Northland, North Island
For adventurous souls looking for a beach experience that’s far from ordinary, Ninety Mile Beach is your golden ticket. This almost never-ending paradise is renowned for its breathtaking sunsets and one of the world’s best left-hand surf breaks. Contrary to its name, Ninety Mile Beach is actually an 88-kilometre stretch of sand extending from Ahipara to Scott Point.
But what’s in a name when you’re standing on a beach that doubles up as a highway? Yes, you read that right – this beach is officially a highway, though it’s best navigated with a 4WD vehicle and at specific tide times.
You can try your hand at surfcasting, take a refreshing dip, or even bodyboard down the sand dunes. And if you’re feeling lucky, dig for tuatua, a native shellfish, at low tide. Need a break from the sun? The flanking Aupouri Forest provides a cool green escape.
And if you happen to be there in late February or early March, join hundreds of anglers in a five-day fishing competition, surf casting off the beach in the hopes of landing the biggest snapper. So, pack your adventure spirit and head to Ninety Mile Beach, where every grain of sand promises a unique tale of fun and excitement!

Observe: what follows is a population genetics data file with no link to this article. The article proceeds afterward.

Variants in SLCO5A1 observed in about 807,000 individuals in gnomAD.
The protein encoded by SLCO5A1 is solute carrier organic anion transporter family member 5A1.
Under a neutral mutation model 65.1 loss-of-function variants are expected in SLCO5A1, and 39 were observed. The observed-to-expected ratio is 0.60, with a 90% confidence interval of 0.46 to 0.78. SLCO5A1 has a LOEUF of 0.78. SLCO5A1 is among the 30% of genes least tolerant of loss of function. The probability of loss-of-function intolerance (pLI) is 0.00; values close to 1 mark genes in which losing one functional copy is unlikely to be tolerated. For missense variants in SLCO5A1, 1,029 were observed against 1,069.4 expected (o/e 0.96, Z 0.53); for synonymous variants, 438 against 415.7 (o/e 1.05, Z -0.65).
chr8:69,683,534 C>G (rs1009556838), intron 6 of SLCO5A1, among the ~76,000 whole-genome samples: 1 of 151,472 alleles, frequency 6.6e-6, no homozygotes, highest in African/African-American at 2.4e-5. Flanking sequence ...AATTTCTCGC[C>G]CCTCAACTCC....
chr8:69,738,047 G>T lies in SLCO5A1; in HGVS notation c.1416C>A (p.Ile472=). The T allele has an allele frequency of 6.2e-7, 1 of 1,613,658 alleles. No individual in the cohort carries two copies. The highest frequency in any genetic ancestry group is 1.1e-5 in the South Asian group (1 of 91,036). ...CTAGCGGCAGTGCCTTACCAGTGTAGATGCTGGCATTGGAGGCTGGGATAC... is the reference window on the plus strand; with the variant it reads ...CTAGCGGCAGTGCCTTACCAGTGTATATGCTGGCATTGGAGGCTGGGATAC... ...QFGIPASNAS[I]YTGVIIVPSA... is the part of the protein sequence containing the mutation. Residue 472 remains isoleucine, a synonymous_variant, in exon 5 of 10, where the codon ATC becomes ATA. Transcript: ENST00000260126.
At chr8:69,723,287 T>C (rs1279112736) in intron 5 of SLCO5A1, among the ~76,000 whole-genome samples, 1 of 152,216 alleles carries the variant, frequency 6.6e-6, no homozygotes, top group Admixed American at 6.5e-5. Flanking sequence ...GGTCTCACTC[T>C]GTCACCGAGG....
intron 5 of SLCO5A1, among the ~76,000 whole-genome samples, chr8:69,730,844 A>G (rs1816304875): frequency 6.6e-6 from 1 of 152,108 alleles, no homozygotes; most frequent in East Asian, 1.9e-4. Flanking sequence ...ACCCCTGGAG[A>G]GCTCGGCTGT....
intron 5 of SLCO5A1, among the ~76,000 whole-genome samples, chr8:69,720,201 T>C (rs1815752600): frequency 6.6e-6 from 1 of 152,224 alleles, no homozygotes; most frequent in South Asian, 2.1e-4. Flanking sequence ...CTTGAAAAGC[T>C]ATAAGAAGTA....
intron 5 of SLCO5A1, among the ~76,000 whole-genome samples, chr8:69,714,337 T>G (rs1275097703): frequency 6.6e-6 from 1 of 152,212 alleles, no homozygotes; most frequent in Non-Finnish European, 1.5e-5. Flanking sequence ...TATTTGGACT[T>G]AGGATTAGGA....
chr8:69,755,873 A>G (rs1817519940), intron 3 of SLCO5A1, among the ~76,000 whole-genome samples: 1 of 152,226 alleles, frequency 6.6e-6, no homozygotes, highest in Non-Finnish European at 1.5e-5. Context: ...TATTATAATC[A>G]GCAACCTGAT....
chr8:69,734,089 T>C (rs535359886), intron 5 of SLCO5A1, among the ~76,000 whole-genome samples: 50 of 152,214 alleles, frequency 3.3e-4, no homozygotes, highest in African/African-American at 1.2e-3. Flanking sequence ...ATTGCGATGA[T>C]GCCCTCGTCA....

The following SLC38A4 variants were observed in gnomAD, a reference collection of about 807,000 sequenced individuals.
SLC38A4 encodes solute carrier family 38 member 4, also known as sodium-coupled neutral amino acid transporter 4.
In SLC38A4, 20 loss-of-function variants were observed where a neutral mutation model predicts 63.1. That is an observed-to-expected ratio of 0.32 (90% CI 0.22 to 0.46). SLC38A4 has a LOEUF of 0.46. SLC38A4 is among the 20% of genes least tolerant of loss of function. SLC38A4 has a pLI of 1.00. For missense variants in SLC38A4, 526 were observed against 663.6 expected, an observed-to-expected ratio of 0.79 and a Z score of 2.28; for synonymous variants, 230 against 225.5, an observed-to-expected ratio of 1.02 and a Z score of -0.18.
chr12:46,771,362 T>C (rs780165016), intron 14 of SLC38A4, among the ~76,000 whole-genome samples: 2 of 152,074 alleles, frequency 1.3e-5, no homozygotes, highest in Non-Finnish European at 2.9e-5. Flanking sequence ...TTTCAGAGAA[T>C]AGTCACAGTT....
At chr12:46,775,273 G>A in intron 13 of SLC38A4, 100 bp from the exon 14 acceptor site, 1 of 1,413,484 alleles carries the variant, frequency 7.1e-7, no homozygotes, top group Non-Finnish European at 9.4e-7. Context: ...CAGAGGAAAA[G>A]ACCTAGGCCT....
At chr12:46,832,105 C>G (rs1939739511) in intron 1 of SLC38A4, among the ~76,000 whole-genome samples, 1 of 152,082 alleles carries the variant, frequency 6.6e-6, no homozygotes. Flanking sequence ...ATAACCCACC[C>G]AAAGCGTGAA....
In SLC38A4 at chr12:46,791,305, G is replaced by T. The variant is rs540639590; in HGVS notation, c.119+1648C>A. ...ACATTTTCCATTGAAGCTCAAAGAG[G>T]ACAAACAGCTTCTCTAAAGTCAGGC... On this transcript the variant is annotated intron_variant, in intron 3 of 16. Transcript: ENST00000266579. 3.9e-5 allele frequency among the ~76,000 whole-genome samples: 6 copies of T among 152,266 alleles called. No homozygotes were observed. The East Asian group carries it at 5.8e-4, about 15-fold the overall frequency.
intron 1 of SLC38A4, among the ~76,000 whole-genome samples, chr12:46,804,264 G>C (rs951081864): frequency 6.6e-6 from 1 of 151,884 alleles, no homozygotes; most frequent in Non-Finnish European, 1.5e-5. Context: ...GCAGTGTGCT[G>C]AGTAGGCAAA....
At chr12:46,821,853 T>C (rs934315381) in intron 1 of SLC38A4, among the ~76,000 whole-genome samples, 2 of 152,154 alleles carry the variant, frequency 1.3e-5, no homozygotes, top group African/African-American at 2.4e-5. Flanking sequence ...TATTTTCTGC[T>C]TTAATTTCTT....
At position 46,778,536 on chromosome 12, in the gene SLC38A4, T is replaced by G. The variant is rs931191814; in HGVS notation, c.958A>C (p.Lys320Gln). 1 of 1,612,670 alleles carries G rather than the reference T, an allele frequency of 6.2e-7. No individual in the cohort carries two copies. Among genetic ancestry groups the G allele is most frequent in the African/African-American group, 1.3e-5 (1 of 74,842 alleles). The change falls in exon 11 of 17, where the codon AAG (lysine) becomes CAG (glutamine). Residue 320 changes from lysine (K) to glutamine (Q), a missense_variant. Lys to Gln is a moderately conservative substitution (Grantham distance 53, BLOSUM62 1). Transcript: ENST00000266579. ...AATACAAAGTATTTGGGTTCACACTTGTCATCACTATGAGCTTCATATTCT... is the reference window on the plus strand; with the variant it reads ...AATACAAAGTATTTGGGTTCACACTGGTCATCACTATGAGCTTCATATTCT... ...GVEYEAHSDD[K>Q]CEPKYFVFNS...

Anchorage Bay Abel Tasman
Lake Coleridge, South Island
You’ll find the first large camping area and hut within the Abel Tasman National Park at Anchorage Bay. This idyllic spot is well-protected by headlands to the north and south, providing a safe haven for yachts – a feature that inspired its name. With its stunning golden sands and crescent shape, Te Pukatea Bay lies just south of Anchorage, accessible via the scenic Pitt Head Loop track. To the north, you’ll discover Torrent Bay, separated from Anchorage by a tidal estuary.
The changing tides here offer unique opportunities for exploration. During low tide, you can embark on a 15-minute walk directly across the estuary to Torrent Bay or venture further to Cleopatra’s pool in about an hour.